May 2019
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CNCo's first female cadets from PNG
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Amy-Lee Turia, Lylellah Kunai, Glenda Amu, Jamie-Lee Baim, and Irma Rua proudly display their certificates after crossing the Equator for the first time. 'King Neptune' is Chief Engineer Andi Magas.
(Left to right) Amy-Lee Turia, Lylellah Kunai, Ramesh Gamlath Ganegoda Appuhamilage Don, Glenda Amu, Jamie-Lee Baim, and Irma Rua proudly display their certificates after crossing the Equator for the first time. "King Neptune" is Chief Engineer Andi Magas.


The China Navigation Company ("CNCo") is committed to increasing diversity and inclusion and is working to achieve a better gender balance across both its shore and sea staff. When the company became aware of the Australia Awards Maritime Scholarships initiative – a scholarship scheme offered only to women from Papua New Guinea – it was seen as an excellent opportunity to deliver on greater gender balance and simultaneously raise the economic capacity in one of CNCo's key stakeholder communities.

Last October, CNCo's first female cadets from Papua New Guinea, Amy-Lee Turia, Glenda Amu, Lylellah Kunai, Irma Rua and Jamie-Lee Baim, joined MV Szechuen in Port Moresby, after completing six months of cadet training at the Papua New Guinea Maritime College.

The five ladies said of their practical experience working at sea:

"As first-time cadets, we were taught the importance of safety awareness – a critical part of the safety culture that CNCo seeks to embed across the organisation. This was reinforced through lectures, observation of shipboard activities and practical assessments. Topics ranged from navigation and cargo work, to mooring and meteorology. We also had the opportunity to experience a dry-docking, and assisted the deck crew and officers with maintenance work."

"The foundations for our training were CNCo's Safety Management System, Code of Conduct, Policies and Vision Statement – which all employees must adhere to. The procedures, checklists, permits and other documents all serve to create a safer and uniform way of working and we learnt about the importance of every individual's efforts in keeping everyone safe."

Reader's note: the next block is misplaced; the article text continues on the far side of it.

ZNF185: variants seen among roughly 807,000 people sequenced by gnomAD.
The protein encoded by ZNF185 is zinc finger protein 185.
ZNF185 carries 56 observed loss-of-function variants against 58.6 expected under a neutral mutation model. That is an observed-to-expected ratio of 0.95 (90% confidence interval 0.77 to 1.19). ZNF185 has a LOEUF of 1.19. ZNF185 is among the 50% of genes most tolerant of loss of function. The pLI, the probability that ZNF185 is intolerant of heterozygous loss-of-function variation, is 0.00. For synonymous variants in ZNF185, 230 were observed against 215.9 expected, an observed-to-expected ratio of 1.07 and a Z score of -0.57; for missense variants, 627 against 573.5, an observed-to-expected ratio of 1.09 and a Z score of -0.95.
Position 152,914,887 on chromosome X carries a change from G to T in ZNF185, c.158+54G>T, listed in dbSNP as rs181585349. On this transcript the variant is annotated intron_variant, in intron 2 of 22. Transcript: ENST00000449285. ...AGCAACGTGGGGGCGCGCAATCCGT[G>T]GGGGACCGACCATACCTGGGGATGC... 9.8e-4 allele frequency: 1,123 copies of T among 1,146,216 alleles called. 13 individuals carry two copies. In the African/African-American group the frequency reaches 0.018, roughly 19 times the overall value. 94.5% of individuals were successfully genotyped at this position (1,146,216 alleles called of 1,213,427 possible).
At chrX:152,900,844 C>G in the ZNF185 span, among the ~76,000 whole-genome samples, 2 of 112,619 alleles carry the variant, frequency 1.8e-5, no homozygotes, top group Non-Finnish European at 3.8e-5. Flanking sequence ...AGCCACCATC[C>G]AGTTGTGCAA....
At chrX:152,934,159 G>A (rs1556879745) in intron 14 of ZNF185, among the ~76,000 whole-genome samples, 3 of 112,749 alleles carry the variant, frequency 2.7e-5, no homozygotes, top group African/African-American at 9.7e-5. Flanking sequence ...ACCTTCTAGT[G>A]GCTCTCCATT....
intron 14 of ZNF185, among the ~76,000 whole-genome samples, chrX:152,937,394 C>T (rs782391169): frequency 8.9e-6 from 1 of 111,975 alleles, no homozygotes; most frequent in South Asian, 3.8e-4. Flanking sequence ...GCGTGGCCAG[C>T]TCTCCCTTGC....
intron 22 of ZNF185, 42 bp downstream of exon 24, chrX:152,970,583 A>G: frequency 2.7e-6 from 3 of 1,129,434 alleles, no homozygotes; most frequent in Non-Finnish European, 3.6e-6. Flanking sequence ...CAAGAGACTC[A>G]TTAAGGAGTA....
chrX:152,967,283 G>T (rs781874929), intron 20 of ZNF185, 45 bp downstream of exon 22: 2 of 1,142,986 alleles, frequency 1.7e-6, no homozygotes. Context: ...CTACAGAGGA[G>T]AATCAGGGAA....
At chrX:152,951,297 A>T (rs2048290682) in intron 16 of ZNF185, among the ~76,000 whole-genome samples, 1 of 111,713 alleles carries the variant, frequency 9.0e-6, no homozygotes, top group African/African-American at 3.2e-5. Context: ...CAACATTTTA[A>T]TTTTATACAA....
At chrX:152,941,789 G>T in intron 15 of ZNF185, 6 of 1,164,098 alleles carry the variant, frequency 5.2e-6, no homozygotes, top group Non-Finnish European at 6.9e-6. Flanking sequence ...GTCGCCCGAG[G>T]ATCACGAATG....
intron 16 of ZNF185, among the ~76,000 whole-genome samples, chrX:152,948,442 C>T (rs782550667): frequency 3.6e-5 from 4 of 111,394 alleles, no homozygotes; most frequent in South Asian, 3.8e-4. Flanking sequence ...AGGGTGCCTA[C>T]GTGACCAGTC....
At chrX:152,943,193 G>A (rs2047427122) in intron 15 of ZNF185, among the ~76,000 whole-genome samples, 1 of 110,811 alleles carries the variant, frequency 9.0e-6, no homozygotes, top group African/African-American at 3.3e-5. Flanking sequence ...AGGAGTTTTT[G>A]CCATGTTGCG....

"It was our first experience of leaving our home country, and adapting to living amongst people of diverse nationalities. The variety of social activities on board – which included karaoke nights, monthly barbecues, Christmas and New Year celebrations – was great fun, as we interacted and learnt more about one another. We were also given shore leave, so we could go ashore when the ship was alongside. Of course, there were times when it was not fun: getting seasick, for example. But we endured and toughed it out. Despite facing several challenges on board, we worked together as a team, and with support from the officers and crew on board, we overcame these problems."

"The training programme has made us realise that in this profession, learning is very much an ongoing process and there is so much knowledge to be gained. Seafaring as a career can be both challenging and exciting, regardless of your gender. As the first female cadets from our country, we are honoured and at the same time, aware of the tremendous responsibility we have in representing Papua New Guinea. We aim to be become strong and competent officers, committed to excellence and safety."
Scott Cup 2019
Scott Cup 2019
It takes a Village...
It takes a Village...
International Women's Day
International Women's Day
CNCo's first female cadets from PNG
CNCo's first female cadets from PNG
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Swire News May 2019 nissue
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